Thousands of Liberians living in the US will soon be deported (maybe!)

You learn something new every day!   Thanks to Blulitespecial for sending this CNN article.  I had no idea we gave temporary protection to citizens of countries undergoing civil unrest.    Amazing!   Does that mean that instead of hauling tens of thousands of  wealthy “refugees” from Iraq and paying their airfare and all of their expenses we could just let them come here for awhile on their own dime and set a date for them to return to Iraq?   Just wondering.

Thousands of Liberians living in the United States face deportation March 31 when a federal immigration status created for humanitarian purposes expires.

Corvah Akoiwala is worried about what will happen to his children, born in the U.S., when he is sent to Liberia.

In the 1990s, a bloody civil war raged through the West African nation, killing 250,000 people and displacing more than a million, according to a U.N. report. The United States extended “temporary protection status” to all Liberians who could get to America, and 14,000 of them took advantage of that humanitarian offer.

Temporary protection status is an immigration status somewhere between political asylum and refugee status. Administered by the Department of Homeland Security and the U.S. Bureau of Citizenship and Immigration Services, it is extended to nationals of countries facing civil unrest or natural disaster.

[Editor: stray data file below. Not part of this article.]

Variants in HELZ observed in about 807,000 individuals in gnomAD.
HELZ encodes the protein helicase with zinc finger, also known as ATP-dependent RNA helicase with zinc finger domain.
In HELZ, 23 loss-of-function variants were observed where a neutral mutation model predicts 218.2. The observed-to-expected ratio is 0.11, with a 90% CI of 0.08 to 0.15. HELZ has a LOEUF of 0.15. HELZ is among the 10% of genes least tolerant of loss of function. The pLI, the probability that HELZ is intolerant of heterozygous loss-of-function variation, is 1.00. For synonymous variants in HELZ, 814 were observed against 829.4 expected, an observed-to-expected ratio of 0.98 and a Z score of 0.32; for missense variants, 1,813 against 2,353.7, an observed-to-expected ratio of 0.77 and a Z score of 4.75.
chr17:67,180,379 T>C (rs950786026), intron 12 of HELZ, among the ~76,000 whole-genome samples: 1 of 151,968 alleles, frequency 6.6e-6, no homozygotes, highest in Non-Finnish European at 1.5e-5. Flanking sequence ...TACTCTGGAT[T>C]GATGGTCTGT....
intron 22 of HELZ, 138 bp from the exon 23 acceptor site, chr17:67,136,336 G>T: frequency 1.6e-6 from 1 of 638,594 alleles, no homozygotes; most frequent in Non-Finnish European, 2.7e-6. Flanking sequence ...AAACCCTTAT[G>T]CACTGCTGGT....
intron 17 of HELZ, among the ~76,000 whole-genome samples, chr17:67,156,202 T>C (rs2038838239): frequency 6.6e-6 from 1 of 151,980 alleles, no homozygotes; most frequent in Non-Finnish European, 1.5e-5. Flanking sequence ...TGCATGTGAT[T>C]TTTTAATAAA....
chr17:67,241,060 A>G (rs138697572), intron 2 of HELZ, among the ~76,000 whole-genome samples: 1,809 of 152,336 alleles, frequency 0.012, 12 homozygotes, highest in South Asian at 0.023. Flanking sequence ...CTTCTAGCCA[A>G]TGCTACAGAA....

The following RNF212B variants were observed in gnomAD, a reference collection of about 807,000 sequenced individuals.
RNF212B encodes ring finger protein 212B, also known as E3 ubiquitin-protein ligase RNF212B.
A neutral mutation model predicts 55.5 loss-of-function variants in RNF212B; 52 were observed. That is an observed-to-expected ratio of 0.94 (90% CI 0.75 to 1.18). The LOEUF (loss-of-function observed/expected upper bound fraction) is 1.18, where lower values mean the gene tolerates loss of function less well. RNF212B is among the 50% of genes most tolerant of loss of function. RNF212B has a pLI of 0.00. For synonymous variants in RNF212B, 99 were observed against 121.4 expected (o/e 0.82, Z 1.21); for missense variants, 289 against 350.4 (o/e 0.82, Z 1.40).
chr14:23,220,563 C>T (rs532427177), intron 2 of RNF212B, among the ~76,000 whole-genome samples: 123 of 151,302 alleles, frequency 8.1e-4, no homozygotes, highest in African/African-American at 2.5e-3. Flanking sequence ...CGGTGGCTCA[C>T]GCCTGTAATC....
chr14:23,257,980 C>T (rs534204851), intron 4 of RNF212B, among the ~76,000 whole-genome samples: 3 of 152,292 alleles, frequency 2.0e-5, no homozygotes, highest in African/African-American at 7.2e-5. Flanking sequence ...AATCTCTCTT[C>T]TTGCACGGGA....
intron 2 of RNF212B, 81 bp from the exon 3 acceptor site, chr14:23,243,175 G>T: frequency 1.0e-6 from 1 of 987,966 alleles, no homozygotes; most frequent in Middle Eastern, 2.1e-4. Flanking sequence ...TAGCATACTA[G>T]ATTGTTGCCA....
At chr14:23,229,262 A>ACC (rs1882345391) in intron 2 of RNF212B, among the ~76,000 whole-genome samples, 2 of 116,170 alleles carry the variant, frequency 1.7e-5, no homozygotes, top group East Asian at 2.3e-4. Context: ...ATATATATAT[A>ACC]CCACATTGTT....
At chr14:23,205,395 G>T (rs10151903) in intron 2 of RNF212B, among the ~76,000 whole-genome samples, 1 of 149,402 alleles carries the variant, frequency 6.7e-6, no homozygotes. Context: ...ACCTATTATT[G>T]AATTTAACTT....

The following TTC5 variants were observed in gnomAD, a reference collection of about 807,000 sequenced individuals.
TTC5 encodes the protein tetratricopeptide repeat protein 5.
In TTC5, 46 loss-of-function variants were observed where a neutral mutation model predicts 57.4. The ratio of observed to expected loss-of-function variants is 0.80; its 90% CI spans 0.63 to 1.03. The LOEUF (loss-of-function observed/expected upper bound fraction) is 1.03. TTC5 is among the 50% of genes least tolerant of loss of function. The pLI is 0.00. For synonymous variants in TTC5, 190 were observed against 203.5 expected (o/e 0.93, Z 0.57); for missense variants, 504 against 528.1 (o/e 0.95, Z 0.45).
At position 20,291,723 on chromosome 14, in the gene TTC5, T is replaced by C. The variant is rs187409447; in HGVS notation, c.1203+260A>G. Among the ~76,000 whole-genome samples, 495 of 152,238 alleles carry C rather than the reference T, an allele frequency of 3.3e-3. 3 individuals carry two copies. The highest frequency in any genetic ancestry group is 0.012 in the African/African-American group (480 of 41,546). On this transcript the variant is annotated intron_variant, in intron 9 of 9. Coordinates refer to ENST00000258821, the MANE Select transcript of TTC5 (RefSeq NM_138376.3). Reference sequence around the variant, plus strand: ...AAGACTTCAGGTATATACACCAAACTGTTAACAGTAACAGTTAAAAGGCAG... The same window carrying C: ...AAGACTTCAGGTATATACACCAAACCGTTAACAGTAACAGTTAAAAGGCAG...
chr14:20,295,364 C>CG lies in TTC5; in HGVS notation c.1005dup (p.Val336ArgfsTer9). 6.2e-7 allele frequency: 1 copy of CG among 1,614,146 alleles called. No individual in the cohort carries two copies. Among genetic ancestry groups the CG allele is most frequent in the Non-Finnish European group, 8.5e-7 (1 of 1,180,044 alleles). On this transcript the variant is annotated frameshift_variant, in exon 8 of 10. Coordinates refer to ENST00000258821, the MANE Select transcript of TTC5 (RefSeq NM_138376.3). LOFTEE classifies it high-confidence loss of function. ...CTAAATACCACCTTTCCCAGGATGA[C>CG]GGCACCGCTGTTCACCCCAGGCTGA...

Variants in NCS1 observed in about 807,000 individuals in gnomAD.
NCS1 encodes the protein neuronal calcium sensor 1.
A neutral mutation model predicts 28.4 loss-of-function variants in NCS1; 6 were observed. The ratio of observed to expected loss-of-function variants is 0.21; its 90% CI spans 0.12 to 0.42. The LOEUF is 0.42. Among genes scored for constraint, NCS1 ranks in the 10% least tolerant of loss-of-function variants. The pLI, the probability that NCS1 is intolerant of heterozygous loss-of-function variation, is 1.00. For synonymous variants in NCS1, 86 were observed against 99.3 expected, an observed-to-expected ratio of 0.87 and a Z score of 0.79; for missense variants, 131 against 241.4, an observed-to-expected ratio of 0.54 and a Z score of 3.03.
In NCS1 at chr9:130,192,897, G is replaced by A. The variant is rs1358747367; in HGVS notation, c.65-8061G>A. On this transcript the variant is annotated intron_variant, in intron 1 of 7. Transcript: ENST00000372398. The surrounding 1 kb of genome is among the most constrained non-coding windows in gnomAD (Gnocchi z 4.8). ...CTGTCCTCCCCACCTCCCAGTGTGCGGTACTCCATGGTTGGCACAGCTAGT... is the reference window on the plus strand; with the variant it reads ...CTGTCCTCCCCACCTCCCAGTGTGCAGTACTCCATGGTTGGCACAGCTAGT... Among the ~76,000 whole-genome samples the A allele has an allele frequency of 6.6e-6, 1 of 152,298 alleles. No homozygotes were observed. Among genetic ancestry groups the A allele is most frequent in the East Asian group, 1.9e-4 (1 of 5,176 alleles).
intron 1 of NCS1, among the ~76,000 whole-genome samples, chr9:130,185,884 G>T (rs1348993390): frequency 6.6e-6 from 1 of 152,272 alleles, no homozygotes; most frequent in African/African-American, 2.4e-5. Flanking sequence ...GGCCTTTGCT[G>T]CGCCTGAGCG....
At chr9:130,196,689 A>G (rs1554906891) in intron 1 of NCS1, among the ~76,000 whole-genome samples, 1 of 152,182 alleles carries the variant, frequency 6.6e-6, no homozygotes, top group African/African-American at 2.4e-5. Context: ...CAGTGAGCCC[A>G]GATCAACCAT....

For years, the temporary protection status for Liberians was extended as the situation there worsened under dictator Charles Taylor. But Taylor was ousted in 2003 and Ellen Johnson Sirleaf was elected Liberia’s first female president in 2006. In 2007, citing the progress in Liberia, President George W. Bush signed an order of “delayed enforced departure” for Liberians who had been under temporary protection status, giving them 18 months to return to Liberia.

Senator Jack Reed of Rhode Island wants them to stay.

Many of these Liberians have become important parts of the communities where they live in the United States,” said Sen. Jack Reed, D-Rhode Island. There is a large Liberian community in his home state.

But then why have temporary humanitarian assistence if they are all allowed to stay?   Good question!

Critics say Liberians should go back to Liberia when their status runs out.

“It is time for people to go back and rebuild their country,” said Dan Stein, president of the Federation for American Immigration Reform. Stein underlines the temporary in “temporary protected status.” He said for Liberians to stay when their country is at peace would be an abuse of U.S. hospitality.

“It makes a mockery of the concept of short-term temporary humanitarian protection.”

So what do you think the chances are that those ICE airlines flights I told you about yesterday fly to Africa?

By the way, the country of Liberia was founded by freed American slaves who wanted their own country in Africa.

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